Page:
Starting plants from Seed – No Experience Required!

May 16, 2022

Starting plants from seed can save you a lot of money, but it also helps you to understand how plants grow – which is really the best part! 

 

1. Read the seed package for instructions.  

  • Some seeds should be started inside and only put out after the last frost, tomatoes and peppers are a good example of those.  You can ask other gardeners in your neighborhood to see when the last frost usually happens (it will often be in early June).  
  • Some seeds do well in the cold and can be directly planted outside. Onions and kale are good examples. 
  • Some seeds like wild flowers often need to go in the fridge or freezer for a few months before getting planted. Being cold and then warming up mimics the conditions in nature.  

PRO-TIP – Don’t start seedlings inside too early. They will need to be transplanted many times and you may run out of room! 

 

 

2. Get a nice potting soil mix.

Seeds don’t grow as well in soil from outside, which can sometimes be rocky or have clay in it. Use a mix that is called “potting soil.” It usually looks like the photo below. The white bits are called perlite which keeps the soil moist longer. 

3. Prep your seed trays 

  • Seed trays are sometimes called “cell packs” where there are lots of little pots connected together inside of a tray.  
  • You can use anything to start seeds in though, containers meant for the recycling bin can work really well too. 
  • If you don’t want to use any plastic at all, you can get a “soil block maker” tool and use them on wooden trays. This can make transplanting easier too. 

PRO-TIP: You can get your soil quite wet in a bucket first and then put it in the cell packs up to the top. Your potting soil should be wet enough that you can get it to clump together if you put it in your hand and make a first. If your soil isn’t wet enough in the beginning, it will be hard to keep it moist enough for the seeds to germinate. 

4. Planting 

  • Some seeds are really small. You can use a chopstick or the end of a pen to make a little hole. Put only about 1-3 seeds in each cell pack or two-inch square. If all three seeds germinate you can eventually pinch two off.   
  • You want to thin seeds a bit so that they don’t compete with each other for light and water. After all, a dozen healthy plants are better than thirty weak or unhealthy plants.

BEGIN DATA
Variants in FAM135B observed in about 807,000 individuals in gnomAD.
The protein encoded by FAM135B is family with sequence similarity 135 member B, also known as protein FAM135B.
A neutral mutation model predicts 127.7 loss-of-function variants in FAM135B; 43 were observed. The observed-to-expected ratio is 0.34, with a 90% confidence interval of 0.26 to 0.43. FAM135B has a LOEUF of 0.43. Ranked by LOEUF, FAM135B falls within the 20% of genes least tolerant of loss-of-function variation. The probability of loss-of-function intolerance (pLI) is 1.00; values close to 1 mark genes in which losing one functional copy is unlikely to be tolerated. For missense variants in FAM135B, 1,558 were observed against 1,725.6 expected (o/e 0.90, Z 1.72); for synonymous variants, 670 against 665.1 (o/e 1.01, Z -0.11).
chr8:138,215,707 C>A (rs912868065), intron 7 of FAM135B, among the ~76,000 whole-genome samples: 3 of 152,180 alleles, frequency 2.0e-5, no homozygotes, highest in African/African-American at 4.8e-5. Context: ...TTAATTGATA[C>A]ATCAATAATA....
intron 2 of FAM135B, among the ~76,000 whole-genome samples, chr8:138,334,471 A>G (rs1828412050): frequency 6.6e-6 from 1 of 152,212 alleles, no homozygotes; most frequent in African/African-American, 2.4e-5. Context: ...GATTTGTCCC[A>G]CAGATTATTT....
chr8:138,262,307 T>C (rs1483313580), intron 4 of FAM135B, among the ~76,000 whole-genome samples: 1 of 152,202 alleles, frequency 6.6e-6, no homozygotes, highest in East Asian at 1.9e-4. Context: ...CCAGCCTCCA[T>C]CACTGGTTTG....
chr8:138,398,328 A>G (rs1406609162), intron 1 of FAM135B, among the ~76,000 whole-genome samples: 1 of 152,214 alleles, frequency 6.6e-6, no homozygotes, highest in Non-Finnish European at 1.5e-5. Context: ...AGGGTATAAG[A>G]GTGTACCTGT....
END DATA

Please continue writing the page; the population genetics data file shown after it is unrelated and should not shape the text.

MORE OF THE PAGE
• Be patient! The package often gives you a germination time. If it is way past the germination date, you can try again with some more seeds. 

5. Care and watering 

  • Plants grow in a spiral direction and move towards the light. Every day you should spin the tray around so that the opposite side is facing the window. If you leave the tray in the same position, the plants will grow sideways to reach the light and their stems will get very weak.  
  • Using overhead grow lights can help with this problem, but you can just try a window in the beginning if you don’t have any.  
  • Plants that are “leggy” meaning they get pale coloured stems and grow really tall, are often telling you they need more light. See photo below.  
  • Water your seedlings every day, but use a spray bottle to mist them. Too much water can make them get moldy. This part takes a bit of practice.  
  • Once plants are ready to be transplanted into larger pots you can switch to watering them with a small watering can (like the size used for house plants (1-2L not the 8-12L cans that are used for outside)

6. When to transplant? 

    • Usually when your seedlings are getting dry really quickly, they are old enough to move to bigger pots.  
    • Seedlings should be at least two-inches before they are transplanted. Doing it too soon will damage the tiny little root hairs. You should have also noticed the stems getting thicker and stronger.  
    • Before you put your plants outside, you will need to “harden them off.” This means that you set them outside in a sheltered area for a short time (maybe even 15-30 minutes a day to start and gradually increase with time).  
    • This gets the tender seedlings used to the sun, wind and change in temperature. You can put them under a patio table for instance to keep the full sun off. A cool wind could kill them though, so try to make sure temps are closer to 20’C. If you are going to leave for the day for work or school, it isn’t a good idea to leave them out (at least early on) since the weather can change fast. 

 

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